After recently speaking about the need to better market the Jamestown Savings Bank Arena, Kurt Silcott is now looking to add some eye-catching signage to the building.
Silcott, the arena's CEO, submitted a petition on behalf of the Jamestown Center City Development Corporation to request a variance that would allow for the installation of a 12-foot-by-18-foot illuminated LED sign. The JCCDC was established in 2000 by the Gebbie Foundation as a way to finance, build and operate the arena. At a meeting for the Jamestown Planning Commission on Tuesday, a motion was passed to support the request by a narrow vote of three to two following discussion by the members of the commission.
Since the request for a recommendation was passed, the Jamestown Planning Commission will formally recommend the variance to the Zoning Board of Appeals. The sign, which would be placed on the rotunda portion of the arena, drew criticisms from some members of the Jamestown Planning Commission, while others praised it.
An LED sign at CVS is pictured. The Jamestown Savings Bank Arena is looking to install a similar sign.
"The arena wants to install automated signage, much like Southwestern Central School has, where it can display changing copy and different colors," said Larry Scalise, building inspector. "They want to be able to showcase events, display messages and do other things along those lines."
According to Scalise, the city code currently does not allow businesses to have signage with changeable copy or anything that is automated.
"Basically, the code says that they can't do what they want to do," said Scalise. "These panels are illegal without a variance."
Scalise noted that the arena has already requested a variance in the past when the advertisements for AT&T were hung in the rotunda. There were some concerns about the advertising causing traffic problems, but no serious issues have come from the advertisements since their installation.
There are some area businesses, including CVS in Brooklyn Square, that have been granted variances for electronic signage, but those signs are all smaller, single-color displays.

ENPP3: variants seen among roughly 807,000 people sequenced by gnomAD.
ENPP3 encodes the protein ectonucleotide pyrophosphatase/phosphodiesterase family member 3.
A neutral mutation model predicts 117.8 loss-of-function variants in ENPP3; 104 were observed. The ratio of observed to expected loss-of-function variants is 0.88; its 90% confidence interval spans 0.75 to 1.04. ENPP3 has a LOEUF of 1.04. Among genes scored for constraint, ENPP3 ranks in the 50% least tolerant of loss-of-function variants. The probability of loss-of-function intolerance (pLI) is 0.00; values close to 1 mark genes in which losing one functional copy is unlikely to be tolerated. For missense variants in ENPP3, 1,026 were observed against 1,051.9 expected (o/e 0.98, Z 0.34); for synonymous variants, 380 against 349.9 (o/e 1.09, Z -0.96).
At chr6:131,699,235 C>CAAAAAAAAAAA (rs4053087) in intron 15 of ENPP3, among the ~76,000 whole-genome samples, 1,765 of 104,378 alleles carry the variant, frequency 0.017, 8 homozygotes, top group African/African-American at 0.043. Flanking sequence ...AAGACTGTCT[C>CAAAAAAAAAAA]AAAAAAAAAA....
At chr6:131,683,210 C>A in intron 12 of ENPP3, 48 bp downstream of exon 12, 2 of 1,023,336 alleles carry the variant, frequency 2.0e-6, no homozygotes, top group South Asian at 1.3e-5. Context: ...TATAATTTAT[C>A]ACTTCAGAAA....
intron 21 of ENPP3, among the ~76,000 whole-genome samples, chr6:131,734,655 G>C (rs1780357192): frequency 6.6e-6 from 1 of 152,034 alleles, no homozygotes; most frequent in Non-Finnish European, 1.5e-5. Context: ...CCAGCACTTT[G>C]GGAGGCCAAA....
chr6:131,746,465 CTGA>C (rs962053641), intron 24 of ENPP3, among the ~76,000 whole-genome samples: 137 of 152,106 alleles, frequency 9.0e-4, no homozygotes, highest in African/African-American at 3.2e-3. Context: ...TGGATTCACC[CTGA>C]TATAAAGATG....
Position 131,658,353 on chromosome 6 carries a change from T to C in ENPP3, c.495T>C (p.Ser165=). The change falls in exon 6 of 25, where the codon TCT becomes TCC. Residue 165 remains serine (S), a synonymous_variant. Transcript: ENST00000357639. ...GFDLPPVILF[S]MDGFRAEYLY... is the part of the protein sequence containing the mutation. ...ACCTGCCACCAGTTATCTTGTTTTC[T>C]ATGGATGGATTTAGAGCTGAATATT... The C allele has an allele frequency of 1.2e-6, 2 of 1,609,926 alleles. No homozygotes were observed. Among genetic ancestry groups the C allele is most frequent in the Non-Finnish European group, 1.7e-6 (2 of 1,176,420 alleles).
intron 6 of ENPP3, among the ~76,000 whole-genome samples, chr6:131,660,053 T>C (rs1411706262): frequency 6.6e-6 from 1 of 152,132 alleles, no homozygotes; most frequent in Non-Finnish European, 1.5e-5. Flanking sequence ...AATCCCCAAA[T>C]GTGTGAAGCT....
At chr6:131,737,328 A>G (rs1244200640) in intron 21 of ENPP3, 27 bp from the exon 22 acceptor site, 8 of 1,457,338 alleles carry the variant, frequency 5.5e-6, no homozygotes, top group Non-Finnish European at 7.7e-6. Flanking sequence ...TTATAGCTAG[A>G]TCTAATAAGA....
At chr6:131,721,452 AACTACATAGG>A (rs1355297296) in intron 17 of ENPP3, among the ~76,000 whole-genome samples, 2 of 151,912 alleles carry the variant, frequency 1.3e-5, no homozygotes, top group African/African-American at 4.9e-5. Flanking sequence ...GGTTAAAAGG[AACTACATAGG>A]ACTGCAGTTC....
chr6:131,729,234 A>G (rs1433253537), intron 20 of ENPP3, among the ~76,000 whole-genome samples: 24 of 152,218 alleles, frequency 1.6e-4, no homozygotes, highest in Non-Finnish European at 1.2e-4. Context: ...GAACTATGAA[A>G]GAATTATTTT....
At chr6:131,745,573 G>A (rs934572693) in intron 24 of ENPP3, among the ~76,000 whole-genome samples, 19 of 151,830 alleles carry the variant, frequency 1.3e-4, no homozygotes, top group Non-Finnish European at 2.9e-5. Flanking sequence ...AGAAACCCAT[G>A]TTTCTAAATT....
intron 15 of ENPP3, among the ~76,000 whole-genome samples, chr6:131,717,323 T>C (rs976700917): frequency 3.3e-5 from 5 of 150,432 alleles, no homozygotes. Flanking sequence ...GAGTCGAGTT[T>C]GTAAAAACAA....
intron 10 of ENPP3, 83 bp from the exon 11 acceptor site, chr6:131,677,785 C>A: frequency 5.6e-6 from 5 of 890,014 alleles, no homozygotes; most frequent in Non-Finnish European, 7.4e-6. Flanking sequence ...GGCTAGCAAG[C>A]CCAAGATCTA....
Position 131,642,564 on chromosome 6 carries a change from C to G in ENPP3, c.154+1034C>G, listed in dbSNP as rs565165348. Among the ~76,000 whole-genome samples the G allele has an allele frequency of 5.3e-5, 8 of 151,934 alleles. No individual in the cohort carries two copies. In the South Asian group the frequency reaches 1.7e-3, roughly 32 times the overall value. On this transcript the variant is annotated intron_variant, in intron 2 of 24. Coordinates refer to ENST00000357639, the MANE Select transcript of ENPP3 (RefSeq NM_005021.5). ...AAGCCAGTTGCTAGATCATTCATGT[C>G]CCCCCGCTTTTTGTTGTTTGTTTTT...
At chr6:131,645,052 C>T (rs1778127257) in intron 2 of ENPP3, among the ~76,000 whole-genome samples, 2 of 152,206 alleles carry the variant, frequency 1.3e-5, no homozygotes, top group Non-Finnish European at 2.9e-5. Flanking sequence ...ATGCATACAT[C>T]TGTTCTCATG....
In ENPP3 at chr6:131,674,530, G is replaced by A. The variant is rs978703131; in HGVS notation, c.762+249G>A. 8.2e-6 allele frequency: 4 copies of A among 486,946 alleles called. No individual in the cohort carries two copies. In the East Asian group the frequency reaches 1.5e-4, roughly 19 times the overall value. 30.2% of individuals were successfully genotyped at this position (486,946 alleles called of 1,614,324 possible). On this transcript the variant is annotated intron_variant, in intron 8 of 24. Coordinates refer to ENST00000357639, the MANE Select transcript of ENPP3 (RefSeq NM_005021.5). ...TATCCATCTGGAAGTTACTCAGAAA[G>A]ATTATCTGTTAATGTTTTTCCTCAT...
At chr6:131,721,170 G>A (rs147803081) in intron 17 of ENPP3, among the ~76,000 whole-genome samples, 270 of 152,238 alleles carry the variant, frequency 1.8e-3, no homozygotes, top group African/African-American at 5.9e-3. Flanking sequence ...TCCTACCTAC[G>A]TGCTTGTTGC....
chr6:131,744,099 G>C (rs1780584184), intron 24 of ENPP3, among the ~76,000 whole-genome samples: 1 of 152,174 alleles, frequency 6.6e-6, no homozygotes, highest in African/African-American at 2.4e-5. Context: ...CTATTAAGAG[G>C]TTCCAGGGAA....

"When CVS put in their sign, we had an expectation of how frequently they would be allowed to change that message," said Martha Zenns, chair of the Jamestown Planning Commission.
In a letter to Ellen Ditonto, chair of the Zoning Board of Appeals, Zenns laid out the primary concerns of the Jamestown Planning Commission in regard to the sign. The size of the sign and the potential frequency of changes in the messages were seen as possible distractions, and the precedent that this variance may set for other businesses in Jamestown was seen as potentially problematic. Despite the potential issues, Zenns cast the final vote to recommend this petition to the Zoning Board of Appeals.
"We are pleased to think this sign could potentially be used to publicize community events and be part of downtown events and celebrations," said Zenns.
According to Scalise, if the Zoning Board of Appeals were to approve the sign, they would likely impose restrictions on its use accompanying the approval. These restrictions could include items such as limiting the signage to text only, having a set time frame in between changes or terms to allow for public notices on the signage. The arena could also possibly be required to keep the sign off when events are ending at the arena to keep the focus of drivers at the pedestrian level.
"At the beginning and the end of hockey games, there are a lot of people near the arena that just don't pay attention," said Scalise. "They don't see the crosswalk signs, and you have to wonder if this might cause accidents."
One concern that was not addressed during the meeting, but was included in the letter to Ditonto, was the possible issue of the arena using the signage for advertising. According to Zenns, if the arena were to use the sign for advertising purposes, it would fall into the definition of a billboard and require a second variance to be granted.